25 July 2018
On the two-year anniversary or MAR's introduction, our community looks at its influence
With July marking the two-year anniversary of the implementation of the Market Abuse Regulation (MAR), we asked the Governance and Compliance and Core community to look at MAR’s impact on the market and the bearing it places upon resources.
The headline figure shows that nearly half of respondents (48%) feel there has been no positive impact from MAR on the market, with only a fifth (22%) seeing a positive effect and nearly
a third unsure (30%).
The strength of the previous system appears to be a factor behind this viewpoint, with one respondent stating: ‘The previous rules were fairly strong, so it is unclear what the impact has been … Perhaps there is more scrutiny in certain areas … but the overall market impact is not clear.’
This is echoed by another, who comments: ‘I do not think it has had any positive impact at all. Our market abuse regime before was perfectly adequate.’ Another concurs: ‘There was nothing wrong with the previous regime given how it had been implemented in the UK.’
Some respondents went a step further and claim that MAR has in fact had a negative impact, with one respondent saying: ‘there were elements … which were better under the previous regime.’
Respondents were more split over the issue of whether MAR’s introduction had placed an excessive burden upon resources, with exactly half of respondents agreeing that it had, while 33% believe it had not and 17% are unsure.
While one respondent commented ‘The most difficult aspect [of MAR] has been on resource,’ a number of responses focused on whether or MAR was a good use of resources, excessive or not. One stated that ‘it has added a lot of unnecessary work which brings no value,’ while another saw it as an ‘additional administrative burden that does not add any value or enhance market confidence.’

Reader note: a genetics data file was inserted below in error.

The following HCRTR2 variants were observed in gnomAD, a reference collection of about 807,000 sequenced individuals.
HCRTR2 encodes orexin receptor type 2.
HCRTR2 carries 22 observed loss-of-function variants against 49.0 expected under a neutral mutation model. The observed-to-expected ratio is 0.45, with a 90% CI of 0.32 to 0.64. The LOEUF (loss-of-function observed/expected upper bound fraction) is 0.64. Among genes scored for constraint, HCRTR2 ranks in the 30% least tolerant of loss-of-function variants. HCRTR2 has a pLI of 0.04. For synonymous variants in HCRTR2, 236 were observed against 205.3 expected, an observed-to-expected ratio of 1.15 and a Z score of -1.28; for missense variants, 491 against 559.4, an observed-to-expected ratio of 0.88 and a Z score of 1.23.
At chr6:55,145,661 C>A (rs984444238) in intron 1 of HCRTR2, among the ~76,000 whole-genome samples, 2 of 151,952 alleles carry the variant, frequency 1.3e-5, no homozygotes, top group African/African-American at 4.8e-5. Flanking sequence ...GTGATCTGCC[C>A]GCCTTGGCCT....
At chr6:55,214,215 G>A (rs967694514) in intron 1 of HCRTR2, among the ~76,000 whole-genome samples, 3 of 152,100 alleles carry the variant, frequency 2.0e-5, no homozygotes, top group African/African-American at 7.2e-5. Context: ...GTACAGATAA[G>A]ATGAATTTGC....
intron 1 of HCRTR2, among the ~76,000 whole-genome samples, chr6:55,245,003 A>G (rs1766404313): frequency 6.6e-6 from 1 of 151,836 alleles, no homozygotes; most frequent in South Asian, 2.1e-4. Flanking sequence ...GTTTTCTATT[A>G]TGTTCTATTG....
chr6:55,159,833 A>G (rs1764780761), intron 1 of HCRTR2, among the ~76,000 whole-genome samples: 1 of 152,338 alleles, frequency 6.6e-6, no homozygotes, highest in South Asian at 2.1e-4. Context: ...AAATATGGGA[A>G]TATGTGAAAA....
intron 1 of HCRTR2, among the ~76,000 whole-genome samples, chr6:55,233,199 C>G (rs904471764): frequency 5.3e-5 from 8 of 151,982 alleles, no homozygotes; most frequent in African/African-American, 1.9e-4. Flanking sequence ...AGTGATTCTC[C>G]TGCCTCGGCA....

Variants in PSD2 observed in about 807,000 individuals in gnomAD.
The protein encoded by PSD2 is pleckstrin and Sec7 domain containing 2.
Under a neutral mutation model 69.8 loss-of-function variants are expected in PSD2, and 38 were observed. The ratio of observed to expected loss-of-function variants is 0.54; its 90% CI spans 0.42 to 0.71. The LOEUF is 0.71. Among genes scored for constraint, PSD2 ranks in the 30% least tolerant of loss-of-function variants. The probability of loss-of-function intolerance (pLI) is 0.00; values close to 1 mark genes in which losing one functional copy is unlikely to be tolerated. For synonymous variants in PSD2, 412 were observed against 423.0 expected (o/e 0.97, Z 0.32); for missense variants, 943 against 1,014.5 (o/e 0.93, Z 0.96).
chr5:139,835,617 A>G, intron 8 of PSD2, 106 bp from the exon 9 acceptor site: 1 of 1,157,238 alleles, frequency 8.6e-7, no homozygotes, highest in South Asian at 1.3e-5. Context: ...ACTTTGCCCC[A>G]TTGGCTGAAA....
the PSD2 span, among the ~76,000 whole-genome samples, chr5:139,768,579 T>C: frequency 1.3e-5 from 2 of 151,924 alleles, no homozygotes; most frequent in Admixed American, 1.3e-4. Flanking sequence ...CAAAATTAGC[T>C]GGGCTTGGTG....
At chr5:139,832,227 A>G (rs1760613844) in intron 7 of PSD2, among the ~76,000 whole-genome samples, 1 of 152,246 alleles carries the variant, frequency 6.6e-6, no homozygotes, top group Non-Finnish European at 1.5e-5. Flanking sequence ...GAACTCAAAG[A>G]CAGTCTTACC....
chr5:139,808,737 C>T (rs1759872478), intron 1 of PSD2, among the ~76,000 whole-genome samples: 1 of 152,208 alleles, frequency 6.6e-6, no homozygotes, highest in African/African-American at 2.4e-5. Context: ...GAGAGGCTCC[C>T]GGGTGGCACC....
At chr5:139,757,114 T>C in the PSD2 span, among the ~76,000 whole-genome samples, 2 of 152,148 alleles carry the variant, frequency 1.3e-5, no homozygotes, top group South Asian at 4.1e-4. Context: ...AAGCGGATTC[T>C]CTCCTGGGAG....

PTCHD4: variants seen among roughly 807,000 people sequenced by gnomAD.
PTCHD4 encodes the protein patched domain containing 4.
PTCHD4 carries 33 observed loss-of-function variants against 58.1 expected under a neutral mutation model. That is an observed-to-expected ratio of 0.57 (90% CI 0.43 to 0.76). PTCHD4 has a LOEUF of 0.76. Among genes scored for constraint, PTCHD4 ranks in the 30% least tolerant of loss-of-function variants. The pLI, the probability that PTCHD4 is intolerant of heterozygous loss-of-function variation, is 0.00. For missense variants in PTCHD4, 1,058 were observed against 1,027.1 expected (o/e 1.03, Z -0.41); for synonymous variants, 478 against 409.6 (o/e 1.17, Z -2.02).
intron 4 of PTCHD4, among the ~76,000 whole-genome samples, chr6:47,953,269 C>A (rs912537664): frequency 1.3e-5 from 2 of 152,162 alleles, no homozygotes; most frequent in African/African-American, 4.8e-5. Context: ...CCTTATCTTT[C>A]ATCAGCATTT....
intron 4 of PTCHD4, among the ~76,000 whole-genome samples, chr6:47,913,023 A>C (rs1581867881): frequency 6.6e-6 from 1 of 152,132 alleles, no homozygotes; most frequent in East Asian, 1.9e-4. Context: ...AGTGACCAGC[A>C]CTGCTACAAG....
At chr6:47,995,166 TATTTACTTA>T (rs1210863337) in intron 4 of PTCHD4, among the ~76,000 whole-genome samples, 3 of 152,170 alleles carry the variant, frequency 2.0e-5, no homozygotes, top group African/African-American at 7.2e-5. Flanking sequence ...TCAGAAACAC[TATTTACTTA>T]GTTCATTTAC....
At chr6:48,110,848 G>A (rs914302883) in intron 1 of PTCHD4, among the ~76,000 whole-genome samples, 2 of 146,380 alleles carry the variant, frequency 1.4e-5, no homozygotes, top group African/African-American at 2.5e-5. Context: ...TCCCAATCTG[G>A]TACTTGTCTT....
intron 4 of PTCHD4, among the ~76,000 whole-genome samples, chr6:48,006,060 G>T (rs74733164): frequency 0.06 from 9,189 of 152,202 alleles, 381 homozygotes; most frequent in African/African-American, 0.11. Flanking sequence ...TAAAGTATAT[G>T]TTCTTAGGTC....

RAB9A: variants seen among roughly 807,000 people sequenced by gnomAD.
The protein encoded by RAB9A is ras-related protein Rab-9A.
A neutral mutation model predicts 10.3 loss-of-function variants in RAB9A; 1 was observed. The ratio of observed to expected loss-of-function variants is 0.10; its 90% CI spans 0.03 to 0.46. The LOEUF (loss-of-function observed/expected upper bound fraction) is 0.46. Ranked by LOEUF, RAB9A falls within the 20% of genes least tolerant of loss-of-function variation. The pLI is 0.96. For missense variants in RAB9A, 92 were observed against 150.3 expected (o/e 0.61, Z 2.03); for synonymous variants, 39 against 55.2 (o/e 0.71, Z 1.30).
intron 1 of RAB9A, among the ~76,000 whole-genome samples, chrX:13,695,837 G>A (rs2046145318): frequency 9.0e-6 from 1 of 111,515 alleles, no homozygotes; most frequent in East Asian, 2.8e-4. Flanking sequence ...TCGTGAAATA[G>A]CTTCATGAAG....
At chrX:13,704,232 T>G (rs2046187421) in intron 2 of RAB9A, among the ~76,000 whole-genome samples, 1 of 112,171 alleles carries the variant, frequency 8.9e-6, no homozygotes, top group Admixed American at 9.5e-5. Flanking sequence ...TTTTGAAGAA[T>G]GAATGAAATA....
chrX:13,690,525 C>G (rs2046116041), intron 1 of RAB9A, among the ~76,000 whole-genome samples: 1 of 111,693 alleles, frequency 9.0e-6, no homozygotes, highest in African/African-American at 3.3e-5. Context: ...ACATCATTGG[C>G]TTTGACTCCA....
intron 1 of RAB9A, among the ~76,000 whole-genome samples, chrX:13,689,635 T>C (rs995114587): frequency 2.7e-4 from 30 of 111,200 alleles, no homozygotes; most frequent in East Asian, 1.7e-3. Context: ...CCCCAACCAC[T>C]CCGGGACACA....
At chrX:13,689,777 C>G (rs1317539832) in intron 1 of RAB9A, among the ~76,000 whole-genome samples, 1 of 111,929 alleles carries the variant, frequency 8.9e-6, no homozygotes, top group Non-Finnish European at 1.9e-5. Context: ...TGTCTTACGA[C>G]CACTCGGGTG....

However, for the most-part respondents saw the burden as being short-term, with one person commenting that ‘initial preparations required a significant amount of resource but running thereafter is relatively straight forward’. Another agreed stating: ‘It took some effort to set up but has a low maintenance cost.’
The identification of what requires disclosure has proven challenging. The most difficult aspects of disclosure for our respondents are: ‘ensuring you are disclosing the correct things’, ‘deciding whether an activity falls under the disclosure requirements’ and ‘determining in advance what constitutes inside information.’
On the subject of inside information, one respondent also remarked that ‘keeping insider lists up to date’ was a challenge, and another commented that ‘trying to determine the exact time when inside information existed [is difficult]. It is often not that black and white.’
Beyond many responses calling for a repeal of MAR as the only way of offering improvement, respondents urged less of a universalist view, instead seeking: ‘More flexibility, particularly for SMEs for whom the rules are too restrictive,’ and ‘tailoring requirements for various types of businesses: asset managers differ from the investment banks and other institutions.’
Simplification of the system was a common theme with calls for ‘a less burdensome system of record keeping’, ’simplification of the documentation and recording requirements’ and ‘[to] provide more guidance and clarity.’
Others were in favour of minimal interference with one respondent stating: ‘None. It is not perfect but companies have development structures to implement the regulations in ways which are suitable to their circumstances,’ and another saying that ‘at this point I wouldn’t change it but some additional guidance from the FCA on some areas might be helpful.’
This was echoed by another respondent who stated; ‘On balance, the regulations are fairly clear. A universal taxonomy on market abuse would be helpful but reaching agreement across geographical boundaries brings its own set of challenges.’
If you are a company secretary or governance professional at a leading UK business, and you would like to take part in or comment on future surveys, email email@example.com